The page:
Global demand for hydrogen is forecast to expand 4.1 percent per annum through 2016 to 286 billion cubic meters valued at $43.2 billion. Growth in hydrogen demand will benefit from strong activity in the petroleum sector, its principal consumer, where increasing demand for low sulfur fuels in response to stricter environmental regulations will increase the amount of hydrogen required to produce them. Favorable demand fundamentals for hydrogen also exist in chemical manufacturing applications, and production of semiconductors, float glass, metal components and food processing.
Petroleum refineries around the world are consuming greater quantities of hydrogen and this represents the most significant opportunity to merchant suppliers of the gas. Of the 52.3 billion cubic meters of overall demand growth in hydrogen by 2016, 35 percent will be met by merchant suppliers. Merchant and on-purpose hydrogen generated by oil refineries will still account for 78 percent of worldwide hydrogen consumption in 2016. Nonrefinery applications for hydrogen combined for 21 percent of total consumption in 2011. Of this, chemical manufacturing exclusive of ammonia and methanol production) accounted for 12 percent; the remaining 9 percent was accounted for by other manufacturing processes and non-manufacturing applications. Nonchemical manufacturing industries that use hydrogen include float glass, metal components, semiconductors, and food processing.
The rapid growth of many economies in the Asia/Pacific region -- especially those of China and India -- will make this region the world's largest hydrogen consumer by 2013. Western Europe is third among the world's hydrogen consumers. In the Central and South American region, above average growth in hydrogen consumption will be led by the Brazilian economy; in Eastern Europe the economies of Russia, Ukraine, Poland and Romania will lead the region in hydrogen gains; and growth in the Africa/Mideast region will be led by the oil-rich economies of Saudi Arabia and Iran, as well as the growing industrialized economies of South Africa and Turkey.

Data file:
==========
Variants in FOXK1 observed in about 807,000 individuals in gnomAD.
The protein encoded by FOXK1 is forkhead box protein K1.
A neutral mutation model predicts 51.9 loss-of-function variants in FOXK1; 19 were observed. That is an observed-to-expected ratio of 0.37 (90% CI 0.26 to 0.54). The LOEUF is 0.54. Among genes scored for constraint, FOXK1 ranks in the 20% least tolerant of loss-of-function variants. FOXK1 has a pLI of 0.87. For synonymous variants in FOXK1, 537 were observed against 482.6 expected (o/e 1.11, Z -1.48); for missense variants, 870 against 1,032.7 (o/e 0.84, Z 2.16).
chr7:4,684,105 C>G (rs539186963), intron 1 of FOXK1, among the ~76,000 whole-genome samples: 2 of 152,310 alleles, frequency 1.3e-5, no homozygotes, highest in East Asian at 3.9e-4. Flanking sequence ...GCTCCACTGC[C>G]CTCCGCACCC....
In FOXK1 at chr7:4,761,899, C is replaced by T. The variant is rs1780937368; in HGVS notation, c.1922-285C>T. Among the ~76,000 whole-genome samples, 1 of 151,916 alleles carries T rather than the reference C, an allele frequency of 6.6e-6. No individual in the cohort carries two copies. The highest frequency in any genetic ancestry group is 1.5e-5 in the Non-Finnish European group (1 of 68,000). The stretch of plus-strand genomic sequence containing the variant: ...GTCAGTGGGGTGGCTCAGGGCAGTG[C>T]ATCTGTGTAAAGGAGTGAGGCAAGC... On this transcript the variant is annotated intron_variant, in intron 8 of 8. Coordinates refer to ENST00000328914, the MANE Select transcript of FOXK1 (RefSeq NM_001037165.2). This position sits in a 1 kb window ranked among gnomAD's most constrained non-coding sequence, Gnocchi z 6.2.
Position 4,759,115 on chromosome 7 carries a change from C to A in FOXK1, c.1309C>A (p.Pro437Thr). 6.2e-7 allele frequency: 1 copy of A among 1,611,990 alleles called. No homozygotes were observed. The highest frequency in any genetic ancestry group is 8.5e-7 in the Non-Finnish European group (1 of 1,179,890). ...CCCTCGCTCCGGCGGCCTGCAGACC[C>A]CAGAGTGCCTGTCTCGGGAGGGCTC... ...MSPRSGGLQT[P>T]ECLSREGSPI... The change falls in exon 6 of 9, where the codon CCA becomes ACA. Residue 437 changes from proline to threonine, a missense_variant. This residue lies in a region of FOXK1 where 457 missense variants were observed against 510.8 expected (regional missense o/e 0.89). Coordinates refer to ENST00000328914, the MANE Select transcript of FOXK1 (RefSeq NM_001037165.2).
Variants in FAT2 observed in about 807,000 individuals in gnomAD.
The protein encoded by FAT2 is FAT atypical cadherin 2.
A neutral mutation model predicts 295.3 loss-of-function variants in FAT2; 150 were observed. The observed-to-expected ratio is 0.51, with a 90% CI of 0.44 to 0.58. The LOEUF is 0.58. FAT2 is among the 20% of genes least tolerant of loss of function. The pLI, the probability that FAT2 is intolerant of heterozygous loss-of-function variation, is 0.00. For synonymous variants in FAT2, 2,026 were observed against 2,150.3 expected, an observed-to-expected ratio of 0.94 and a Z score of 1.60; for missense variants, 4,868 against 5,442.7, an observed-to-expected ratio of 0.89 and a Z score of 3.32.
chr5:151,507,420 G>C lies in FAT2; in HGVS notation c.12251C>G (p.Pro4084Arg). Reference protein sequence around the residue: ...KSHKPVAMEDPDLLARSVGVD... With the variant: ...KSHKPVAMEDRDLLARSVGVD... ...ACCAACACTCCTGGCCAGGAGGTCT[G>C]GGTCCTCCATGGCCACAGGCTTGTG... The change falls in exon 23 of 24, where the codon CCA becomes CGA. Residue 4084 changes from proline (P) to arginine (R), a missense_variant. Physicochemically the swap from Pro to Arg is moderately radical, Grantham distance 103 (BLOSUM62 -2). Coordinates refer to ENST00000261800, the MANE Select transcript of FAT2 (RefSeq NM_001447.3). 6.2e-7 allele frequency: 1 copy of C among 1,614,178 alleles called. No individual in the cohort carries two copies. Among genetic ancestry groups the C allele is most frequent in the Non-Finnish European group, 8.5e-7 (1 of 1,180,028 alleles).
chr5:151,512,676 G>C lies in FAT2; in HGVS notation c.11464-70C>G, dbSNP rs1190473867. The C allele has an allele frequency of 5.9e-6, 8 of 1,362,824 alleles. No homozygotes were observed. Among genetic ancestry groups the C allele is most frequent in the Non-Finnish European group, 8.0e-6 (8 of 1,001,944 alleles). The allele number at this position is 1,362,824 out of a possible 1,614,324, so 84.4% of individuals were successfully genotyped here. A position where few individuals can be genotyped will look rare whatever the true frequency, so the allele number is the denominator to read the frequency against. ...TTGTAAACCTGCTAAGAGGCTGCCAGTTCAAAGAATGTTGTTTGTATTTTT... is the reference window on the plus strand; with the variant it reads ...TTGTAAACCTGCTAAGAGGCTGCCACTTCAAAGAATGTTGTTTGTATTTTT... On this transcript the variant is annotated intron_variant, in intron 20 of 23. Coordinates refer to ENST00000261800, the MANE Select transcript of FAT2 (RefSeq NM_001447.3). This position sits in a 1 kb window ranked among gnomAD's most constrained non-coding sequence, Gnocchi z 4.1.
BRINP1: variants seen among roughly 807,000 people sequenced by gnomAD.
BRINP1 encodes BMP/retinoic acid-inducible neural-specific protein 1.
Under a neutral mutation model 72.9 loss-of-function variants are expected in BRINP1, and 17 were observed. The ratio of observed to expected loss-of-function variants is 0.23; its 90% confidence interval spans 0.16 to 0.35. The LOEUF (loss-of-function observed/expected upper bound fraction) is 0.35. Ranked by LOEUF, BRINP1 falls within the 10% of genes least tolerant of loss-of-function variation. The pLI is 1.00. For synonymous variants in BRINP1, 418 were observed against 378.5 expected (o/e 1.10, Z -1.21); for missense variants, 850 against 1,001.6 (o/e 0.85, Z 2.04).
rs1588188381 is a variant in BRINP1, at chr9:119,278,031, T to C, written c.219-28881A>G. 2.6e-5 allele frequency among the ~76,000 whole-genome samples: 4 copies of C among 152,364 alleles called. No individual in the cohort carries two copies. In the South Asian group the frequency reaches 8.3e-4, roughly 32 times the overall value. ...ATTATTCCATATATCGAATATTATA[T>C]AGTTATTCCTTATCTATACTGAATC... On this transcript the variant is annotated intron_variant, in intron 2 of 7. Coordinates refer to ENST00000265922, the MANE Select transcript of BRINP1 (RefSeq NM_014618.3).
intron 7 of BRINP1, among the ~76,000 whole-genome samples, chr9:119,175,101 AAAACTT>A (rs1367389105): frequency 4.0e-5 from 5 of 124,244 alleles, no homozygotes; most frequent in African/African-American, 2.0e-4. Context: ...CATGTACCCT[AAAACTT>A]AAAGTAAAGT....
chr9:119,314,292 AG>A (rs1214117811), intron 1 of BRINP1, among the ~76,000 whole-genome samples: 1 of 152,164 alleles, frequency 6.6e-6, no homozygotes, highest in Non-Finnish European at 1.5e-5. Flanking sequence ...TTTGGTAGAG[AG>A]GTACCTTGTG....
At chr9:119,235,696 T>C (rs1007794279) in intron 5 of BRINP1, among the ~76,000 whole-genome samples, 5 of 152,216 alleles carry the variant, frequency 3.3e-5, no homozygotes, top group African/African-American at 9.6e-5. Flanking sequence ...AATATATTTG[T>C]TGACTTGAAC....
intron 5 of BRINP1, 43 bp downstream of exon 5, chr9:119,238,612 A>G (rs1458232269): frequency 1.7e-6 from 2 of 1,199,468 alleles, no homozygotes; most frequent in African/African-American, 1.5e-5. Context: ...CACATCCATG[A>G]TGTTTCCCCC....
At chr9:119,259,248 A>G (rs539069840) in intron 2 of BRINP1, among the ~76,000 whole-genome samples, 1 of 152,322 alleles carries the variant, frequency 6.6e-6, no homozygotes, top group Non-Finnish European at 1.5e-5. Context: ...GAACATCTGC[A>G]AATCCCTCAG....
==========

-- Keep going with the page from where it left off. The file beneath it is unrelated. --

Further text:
The phrase "hydrogen economy" refers to programs or initiatives aimed at using hydrogen as an energy carrier to replace hydrocarbon fuels and reduce emissions produced by their consumption. Technologies such as fuel cells developed for cars, buses, power generation and other applications, along with the infrastructural implications of their broad and increasing use, are being demonstrated in many countries around the world. Although the market impact of global, massive deployment of the hydrogen economy on hydrogen demand is beyond the time horizon of this report, activities related to the hydrogen economy are covered on a country by country basis, where applicable.
Details on these and other findings are contained in the upcoming Freedonia industry study, World Hydrogen, presents historical demand data (2001, 2006 and 2011) plus forecasts for 2016 and 2021 by application, source (captive, merchant), market, world region, and for 17 countries. The study also considers key market environment factors, evaluates company market share, and profiles global industry competitors, including Air Liquide, Air Products and Chemicals, Linde Group, and Praxair.